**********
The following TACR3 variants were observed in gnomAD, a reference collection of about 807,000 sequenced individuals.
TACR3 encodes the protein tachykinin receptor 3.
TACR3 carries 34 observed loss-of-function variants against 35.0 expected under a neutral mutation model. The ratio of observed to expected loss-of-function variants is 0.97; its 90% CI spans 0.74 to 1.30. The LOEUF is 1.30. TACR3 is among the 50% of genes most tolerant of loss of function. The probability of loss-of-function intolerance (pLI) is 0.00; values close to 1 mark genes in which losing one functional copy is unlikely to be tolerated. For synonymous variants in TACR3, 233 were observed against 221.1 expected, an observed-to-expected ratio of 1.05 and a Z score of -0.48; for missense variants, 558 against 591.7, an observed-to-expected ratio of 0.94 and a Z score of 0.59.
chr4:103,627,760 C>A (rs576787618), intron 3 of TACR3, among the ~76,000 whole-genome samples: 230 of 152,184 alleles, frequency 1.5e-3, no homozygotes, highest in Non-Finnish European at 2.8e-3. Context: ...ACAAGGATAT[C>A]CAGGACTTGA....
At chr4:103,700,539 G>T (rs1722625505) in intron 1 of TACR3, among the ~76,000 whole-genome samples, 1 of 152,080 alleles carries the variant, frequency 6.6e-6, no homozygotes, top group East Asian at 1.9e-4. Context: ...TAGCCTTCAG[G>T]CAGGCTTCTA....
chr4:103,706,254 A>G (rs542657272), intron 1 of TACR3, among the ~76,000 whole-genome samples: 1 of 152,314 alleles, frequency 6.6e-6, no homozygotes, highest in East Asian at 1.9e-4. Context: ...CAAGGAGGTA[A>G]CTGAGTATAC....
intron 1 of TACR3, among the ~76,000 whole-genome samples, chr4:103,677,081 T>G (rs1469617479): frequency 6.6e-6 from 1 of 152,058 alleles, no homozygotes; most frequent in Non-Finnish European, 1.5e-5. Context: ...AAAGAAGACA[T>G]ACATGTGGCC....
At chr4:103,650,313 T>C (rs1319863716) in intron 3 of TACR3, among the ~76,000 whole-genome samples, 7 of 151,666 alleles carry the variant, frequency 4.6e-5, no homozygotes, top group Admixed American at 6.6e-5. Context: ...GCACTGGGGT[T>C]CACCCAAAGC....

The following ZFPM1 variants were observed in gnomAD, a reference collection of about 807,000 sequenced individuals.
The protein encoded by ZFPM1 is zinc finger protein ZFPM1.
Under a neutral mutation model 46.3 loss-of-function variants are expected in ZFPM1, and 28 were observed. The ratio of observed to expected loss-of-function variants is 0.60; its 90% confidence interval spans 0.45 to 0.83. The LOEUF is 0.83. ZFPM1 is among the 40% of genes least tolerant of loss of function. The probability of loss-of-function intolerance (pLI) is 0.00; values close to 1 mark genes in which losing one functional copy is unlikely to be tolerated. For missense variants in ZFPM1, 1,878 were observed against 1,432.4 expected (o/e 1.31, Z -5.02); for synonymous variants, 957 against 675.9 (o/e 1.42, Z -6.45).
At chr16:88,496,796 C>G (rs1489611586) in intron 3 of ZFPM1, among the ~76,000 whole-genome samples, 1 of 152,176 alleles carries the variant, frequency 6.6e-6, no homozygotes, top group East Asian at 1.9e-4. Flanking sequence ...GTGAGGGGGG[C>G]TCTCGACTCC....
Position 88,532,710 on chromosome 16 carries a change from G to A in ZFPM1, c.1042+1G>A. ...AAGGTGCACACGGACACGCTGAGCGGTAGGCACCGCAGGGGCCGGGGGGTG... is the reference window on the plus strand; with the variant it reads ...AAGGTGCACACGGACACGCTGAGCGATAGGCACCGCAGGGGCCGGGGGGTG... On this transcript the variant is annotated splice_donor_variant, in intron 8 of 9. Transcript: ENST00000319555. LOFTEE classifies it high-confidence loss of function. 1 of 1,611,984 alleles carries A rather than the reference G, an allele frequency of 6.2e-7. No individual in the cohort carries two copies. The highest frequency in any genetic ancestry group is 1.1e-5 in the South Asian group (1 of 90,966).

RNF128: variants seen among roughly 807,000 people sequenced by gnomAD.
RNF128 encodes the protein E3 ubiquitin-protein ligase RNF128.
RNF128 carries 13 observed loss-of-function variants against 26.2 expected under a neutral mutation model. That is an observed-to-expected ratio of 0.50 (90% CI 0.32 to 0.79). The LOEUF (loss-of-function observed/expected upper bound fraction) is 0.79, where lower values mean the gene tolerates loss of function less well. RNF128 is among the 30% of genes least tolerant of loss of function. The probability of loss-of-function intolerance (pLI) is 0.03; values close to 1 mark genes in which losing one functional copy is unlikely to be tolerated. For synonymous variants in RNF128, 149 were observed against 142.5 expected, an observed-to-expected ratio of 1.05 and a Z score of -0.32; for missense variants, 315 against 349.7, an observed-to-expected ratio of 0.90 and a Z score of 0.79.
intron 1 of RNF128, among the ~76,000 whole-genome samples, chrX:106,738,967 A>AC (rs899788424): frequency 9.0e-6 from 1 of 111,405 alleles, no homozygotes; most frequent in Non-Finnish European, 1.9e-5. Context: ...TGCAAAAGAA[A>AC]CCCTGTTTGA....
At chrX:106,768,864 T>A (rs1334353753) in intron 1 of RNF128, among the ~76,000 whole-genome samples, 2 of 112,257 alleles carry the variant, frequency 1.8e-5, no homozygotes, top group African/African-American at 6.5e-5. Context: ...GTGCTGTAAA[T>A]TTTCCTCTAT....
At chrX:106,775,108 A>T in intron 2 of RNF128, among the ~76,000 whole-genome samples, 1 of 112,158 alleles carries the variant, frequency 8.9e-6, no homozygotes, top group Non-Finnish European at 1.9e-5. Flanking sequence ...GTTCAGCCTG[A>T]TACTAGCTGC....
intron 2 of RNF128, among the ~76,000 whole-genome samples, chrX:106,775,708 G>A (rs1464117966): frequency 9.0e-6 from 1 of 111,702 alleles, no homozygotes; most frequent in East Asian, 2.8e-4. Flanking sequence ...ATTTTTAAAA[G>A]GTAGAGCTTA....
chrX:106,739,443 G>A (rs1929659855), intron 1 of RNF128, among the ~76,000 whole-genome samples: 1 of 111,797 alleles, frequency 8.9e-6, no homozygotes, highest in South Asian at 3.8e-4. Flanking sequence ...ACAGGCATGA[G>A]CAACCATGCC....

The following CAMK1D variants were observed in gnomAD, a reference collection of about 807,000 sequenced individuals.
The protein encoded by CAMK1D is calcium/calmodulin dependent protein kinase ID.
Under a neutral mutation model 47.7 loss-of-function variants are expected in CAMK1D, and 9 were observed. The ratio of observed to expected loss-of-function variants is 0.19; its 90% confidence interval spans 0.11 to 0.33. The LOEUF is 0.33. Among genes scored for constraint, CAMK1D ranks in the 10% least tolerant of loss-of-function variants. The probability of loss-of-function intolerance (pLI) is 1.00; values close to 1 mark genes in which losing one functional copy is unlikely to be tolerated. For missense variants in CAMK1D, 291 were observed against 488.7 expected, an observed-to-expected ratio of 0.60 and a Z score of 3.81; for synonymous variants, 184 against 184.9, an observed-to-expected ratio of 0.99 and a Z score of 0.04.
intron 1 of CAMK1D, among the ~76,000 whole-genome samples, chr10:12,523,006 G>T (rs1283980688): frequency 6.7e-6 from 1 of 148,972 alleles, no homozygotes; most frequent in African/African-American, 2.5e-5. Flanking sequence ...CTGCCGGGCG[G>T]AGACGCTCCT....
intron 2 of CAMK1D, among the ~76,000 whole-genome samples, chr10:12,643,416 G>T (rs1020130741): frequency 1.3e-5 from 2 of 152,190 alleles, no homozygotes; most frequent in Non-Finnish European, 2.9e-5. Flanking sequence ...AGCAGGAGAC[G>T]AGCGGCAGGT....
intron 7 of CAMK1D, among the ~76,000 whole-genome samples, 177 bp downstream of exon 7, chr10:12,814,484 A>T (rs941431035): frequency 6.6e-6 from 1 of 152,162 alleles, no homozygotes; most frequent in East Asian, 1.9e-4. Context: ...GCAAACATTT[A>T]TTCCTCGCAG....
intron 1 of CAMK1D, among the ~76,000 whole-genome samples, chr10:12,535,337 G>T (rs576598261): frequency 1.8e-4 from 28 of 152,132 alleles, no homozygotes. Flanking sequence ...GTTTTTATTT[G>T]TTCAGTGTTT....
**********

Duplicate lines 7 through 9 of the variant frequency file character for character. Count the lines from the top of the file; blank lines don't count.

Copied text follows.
intron 1 of TACR3, among the ~76,000 whole-genome samples, chr4:103,677,081 T>G (rs1469617479): frequency 6.6e-6 from 1 of 152,058 alleles, no homozygotes; most frequent in Non-Finnish European, 1.5e-5. Context: ...AAAGAAGACA[T>G]ACATGTGGCC....
At chr4:103,650,313 T>C (rs1319863716) in intron 3 of TACR3, among the ~76,000 whole-genome samples, 7 of 151,666 alleles carry the variant, frequency 4.6e-5, no homozygotes, top group Admixed American at 6.6e-5. Context: ...GCACTGGGGT[T>C]CACCCAAAGC....

The following ZFPM1 variants were observed in gnomAD, a reference collection of about 807,000 sequenced individuals.